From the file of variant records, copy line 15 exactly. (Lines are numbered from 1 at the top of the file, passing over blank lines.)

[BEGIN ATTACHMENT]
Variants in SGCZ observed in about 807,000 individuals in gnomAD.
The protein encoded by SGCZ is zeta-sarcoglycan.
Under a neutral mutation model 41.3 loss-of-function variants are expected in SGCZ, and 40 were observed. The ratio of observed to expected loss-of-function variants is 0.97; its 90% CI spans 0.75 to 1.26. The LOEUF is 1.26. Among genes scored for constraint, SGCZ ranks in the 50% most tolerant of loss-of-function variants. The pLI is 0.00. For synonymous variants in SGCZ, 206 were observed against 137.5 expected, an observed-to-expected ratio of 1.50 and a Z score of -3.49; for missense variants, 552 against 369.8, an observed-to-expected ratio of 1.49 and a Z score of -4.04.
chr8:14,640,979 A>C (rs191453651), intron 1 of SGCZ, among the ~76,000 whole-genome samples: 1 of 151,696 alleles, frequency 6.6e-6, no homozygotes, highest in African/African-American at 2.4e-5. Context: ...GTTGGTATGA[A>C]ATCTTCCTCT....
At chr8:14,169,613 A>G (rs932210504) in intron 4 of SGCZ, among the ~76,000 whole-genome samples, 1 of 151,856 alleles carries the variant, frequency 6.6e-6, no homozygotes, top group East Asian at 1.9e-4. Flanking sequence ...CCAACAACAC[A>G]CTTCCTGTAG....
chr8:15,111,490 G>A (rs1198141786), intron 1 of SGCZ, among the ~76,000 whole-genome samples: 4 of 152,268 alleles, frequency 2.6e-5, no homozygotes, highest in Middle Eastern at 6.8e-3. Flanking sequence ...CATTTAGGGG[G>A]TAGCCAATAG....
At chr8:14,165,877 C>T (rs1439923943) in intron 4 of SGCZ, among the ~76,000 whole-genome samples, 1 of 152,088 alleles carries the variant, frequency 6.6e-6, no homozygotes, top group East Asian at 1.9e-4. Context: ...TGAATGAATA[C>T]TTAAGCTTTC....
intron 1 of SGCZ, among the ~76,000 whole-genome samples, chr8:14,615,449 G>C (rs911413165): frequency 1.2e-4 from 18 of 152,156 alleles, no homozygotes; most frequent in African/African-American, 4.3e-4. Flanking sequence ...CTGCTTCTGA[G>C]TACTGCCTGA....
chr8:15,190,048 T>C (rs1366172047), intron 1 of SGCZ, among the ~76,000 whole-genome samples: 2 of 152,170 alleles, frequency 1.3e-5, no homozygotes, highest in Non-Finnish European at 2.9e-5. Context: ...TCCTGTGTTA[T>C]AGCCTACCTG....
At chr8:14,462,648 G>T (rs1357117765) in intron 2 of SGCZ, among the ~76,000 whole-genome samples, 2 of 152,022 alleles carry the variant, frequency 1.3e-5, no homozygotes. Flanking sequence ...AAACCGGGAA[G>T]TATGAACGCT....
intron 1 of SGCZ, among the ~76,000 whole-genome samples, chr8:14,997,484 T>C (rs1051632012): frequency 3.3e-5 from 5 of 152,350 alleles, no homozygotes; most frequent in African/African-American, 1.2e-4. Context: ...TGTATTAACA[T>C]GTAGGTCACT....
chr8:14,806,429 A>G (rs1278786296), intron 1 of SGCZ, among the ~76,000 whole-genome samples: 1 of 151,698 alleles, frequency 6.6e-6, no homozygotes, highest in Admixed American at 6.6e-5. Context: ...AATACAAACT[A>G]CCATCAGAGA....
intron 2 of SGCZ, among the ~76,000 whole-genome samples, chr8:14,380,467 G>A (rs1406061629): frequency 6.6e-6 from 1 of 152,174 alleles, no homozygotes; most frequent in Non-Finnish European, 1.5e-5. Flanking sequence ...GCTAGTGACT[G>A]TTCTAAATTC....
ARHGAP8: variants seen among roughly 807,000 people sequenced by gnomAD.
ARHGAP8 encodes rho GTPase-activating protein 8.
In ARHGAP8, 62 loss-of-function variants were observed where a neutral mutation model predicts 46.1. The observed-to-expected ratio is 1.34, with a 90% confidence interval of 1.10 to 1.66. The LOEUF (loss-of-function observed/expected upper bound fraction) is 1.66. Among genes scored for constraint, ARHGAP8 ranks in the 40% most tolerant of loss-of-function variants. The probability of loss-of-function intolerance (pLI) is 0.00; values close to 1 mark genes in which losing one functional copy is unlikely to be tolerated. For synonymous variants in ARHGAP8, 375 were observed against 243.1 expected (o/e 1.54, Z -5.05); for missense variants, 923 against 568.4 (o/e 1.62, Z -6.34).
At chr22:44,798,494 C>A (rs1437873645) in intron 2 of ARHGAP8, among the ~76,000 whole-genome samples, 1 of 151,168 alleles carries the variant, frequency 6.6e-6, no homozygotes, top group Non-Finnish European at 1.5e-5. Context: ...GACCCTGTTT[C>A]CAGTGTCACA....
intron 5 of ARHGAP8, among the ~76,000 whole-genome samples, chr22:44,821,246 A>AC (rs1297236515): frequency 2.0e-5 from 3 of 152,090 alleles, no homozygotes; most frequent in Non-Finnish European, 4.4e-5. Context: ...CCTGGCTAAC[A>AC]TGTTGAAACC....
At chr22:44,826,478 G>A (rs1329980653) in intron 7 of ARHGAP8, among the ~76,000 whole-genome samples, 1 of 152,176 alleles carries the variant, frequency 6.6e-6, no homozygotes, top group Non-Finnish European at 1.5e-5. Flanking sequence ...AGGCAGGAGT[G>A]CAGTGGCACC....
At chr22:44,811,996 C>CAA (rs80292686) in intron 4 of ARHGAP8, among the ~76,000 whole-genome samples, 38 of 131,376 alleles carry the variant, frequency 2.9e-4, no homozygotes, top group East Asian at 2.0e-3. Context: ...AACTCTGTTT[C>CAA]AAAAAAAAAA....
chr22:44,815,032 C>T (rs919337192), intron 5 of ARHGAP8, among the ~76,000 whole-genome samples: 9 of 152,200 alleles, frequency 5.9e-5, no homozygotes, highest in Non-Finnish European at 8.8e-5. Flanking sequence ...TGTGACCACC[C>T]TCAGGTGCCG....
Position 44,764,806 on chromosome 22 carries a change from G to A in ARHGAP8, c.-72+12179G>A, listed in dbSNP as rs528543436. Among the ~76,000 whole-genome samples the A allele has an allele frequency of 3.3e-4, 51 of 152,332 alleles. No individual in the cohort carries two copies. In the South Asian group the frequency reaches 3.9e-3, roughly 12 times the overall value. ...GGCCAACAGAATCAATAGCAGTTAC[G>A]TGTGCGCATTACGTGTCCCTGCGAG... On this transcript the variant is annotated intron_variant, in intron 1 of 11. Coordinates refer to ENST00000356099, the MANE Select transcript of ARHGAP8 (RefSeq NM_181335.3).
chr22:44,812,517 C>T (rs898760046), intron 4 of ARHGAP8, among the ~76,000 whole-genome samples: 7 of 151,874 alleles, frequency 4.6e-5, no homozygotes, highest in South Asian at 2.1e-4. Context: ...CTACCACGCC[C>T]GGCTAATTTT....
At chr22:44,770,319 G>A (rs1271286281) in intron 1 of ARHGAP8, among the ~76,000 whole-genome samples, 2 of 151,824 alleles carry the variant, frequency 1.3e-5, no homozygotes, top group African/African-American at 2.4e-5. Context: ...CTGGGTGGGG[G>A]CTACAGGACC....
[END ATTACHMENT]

ARHGAP8 encodes rho GTPase-activating protein 8.